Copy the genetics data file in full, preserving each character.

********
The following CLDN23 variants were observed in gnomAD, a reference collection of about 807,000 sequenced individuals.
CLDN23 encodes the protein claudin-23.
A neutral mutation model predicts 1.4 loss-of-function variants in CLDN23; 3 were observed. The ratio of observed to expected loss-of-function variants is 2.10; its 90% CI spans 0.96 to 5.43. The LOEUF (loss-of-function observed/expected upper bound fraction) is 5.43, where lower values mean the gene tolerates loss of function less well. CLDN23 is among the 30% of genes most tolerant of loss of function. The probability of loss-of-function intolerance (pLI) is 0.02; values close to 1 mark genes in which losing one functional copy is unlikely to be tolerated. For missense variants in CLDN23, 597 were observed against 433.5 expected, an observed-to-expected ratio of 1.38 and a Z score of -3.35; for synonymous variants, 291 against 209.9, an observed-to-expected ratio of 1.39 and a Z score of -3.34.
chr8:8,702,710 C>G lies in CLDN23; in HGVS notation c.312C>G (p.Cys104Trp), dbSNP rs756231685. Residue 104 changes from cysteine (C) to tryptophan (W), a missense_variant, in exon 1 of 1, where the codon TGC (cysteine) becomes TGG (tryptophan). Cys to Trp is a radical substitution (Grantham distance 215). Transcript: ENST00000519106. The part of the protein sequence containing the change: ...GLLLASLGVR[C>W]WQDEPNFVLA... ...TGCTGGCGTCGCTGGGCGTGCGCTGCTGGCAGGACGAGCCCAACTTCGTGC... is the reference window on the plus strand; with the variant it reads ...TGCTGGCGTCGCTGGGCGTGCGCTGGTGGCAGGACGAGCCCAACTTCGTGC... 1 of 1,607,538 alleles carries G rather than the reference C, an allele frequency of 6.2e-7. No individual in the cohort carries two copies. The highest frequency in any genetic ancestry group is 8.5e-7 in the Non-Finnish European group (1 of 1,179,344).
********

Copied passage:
The following CLDN23 variants were observed in gnomAD, a reference collection of about 807,000 sequenced individuals.
CLDN23 encodes the protein claudin-23.
A neutral mutation model predicts 1.4 loss-of-function variants in CLDN23; 3 were observed. The ratio of observed to expected loss-of-function variants is 2.10; its 90% CI spans 0.96 to 5.43. The LOEUF (loss-of-function observed/expected upper bound fraction) is 5.43, where lower values mean the gene tolerates loss of function less well. CLDN23 is among the 30% of genes most tolerant of loss of function. The probability of loss-of-function intolerance (pLI) is 0.02; values close to 1 mark genes in which losing one functional copy is unlikely to be tolerated. For missense variants in CLDN23, 597 were observed against 433.5 expected, an observed-to-expected ratio of 1.38 and a Z score of -3.35; for synonymous variants, 291 against 209.9, an observed-to-expected ratio of 1.39 and a Z score of -3.34.
chr8:8,702,710 C>G lies in CLDN23; in HGVS notation c.312C>G (p.Cys104Trp), dbSNP rs756231685. Residue 104 changes from cysteine (C) to tryptophan (W), a missense_variant, in exon 1 of 1, where the codon TGC (cysteine) becomes TGG (tryptophan). Cys to Trp is a radical substitution (Grantham distance 215). Transcript: ENST00000519106. The part of the protein sequence containing the change: ...GLLLASLGVR[C>W]WQDEPNFVLA... ...TGCTGGCGTCGCTGGGCGTGCGCTGCTGGCAGGACGAGCCCAACTTCGTGC... is the reference window on the plus strand; with the variant it reads ...TGCTGGCGTCGCTGGGCGTGCGCTGGTGGCAGGACGAGCCCAACTTCGTGC... 1 of 1,607,538 alleles carries G rather than the reference C, an allele frequency of 6.2e-7. No individual in the cohort carries two copies. The highest frequency in any genetic ancestry group is 8.5e-7 in the Non-Finnish European group (1 of 1,179,344).